The Enchiridion Part Two

It is you who know yourself, how much you are worth to yourself, and at what price you sell yourself; for men sell themselves at various prices.

INTRODUCTION
I am A Man of Letters. I’ve been reading lately, and I have found some words I would like to share. Today, The Enchiridion by Epictetus. Part Two…

BODY

Remember that desire demands the attainment of that of which you are desirous; and aversion demands the avoidance of that to which you are averse; that he who fails of the object of his desires is disappointed; and he who incurs the object of his aversion is wretched. If, then, you avoid only those undesirable things which you can control, you will never incur anything which you avoid; but if you avoid sickness, or death, or poverty, you will run the risk of wretchedness. Withdraw aversion, then, from all things that are not within our power, and apply it to things undesirable, which are within our power. But for the present altogether restrain desire; for if you desire any of the things not within our own power, you must necessarily be disappointed; and you are not yet secure of those which are within our power, and so are legitimate objects of desire. Where it is practically necessary for you to pursue or avoid anything, do even this with discretion, and gentleness, and moderation.

COMMENTARY
That is what Epictetus said. Here is what I say.

If we desire only what we have by nature, and never desire what we cannot have, we will not know disappointment. Disappointment comes from wanting something contrary to our nature, or wanting something that is impossible. If we do not push away that which cannot be avoided, we will never be pushed back when it arrives. Begin today by suppression of all desire. As you grow strong add back your natural desires and natural aversions with caution, ready to remove them again.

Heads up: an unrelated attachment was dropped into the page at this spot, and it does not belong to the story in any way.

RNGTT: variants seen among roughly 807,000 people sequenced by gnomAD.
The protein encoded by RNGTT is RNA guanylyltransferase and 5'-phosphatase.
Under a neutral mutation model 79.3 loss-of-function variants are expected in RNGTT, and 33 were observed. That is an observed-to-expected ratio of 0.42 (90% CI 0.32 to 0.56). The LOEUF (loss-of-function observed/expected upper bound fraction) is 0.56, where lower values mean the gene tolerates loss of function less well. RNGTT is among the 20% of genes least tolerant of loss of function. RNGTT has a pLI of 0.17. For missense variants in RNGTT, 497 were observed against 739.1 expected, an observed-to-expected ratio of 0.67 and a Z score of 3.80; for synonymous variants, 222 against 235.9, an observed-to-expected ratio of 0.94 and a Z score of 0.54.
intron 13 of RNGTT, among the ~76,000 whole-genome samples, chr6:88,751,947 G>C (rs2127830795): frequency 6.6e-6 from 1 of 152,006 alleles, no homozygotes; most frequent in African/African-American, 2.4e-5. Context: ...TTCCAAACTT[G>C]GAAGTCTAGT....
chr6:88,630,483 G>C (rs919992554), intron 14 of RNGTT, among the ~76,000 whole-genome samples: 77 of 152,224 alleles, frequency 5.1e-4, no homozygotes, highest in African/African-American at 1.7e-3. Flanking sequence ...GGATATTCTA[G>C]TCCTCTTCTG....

How do you determine when your nature is in harmony with nature itself?

In The Discourses, Epictetus has this to say about man’s nature, and what actions are appropriate to live in harmony with that nature.

The rational and the irrational appear such in a different way to different persons, just as the good and the bad, the profitable and the unprofitable. For this reason, particularly, we need discipline, in order to learn how to adapt the preconception of the rational and the irrational to the several things conformably to nature. But in order to determine the rational and the irrational, we use not only the appearance of external things, but we consider also what is appropriate to each person. For to one man it is consistent with reason to hold a chamber pot for another, and to look to this only, that if he does not hold it, he will receive stripes, and he will not receive his food: but if he will hold the pot, he will not suffer anything hard or disagreeable. But to another man not only does the holding of a chamber pot appear intolerable for himself, but intolerable also for him to allow another to do this office for him. If, then, you ask me whether you should hold the chamber pot or not, I shall say to you that the receiving of food is worth more than the not receiving of it, and the being scourged is a greater indignity than not being scourged; so that if you measure your interests by these things, go and hold the chamber pot. “But this,” you say, “would not be worthy of me.” Well, then, it is you who must introduce this consideration into the inquiry, not I; for it is you who know yourself, how much you are worth to yourself, and at what price you sell yourself; for men sell themselves at various prices.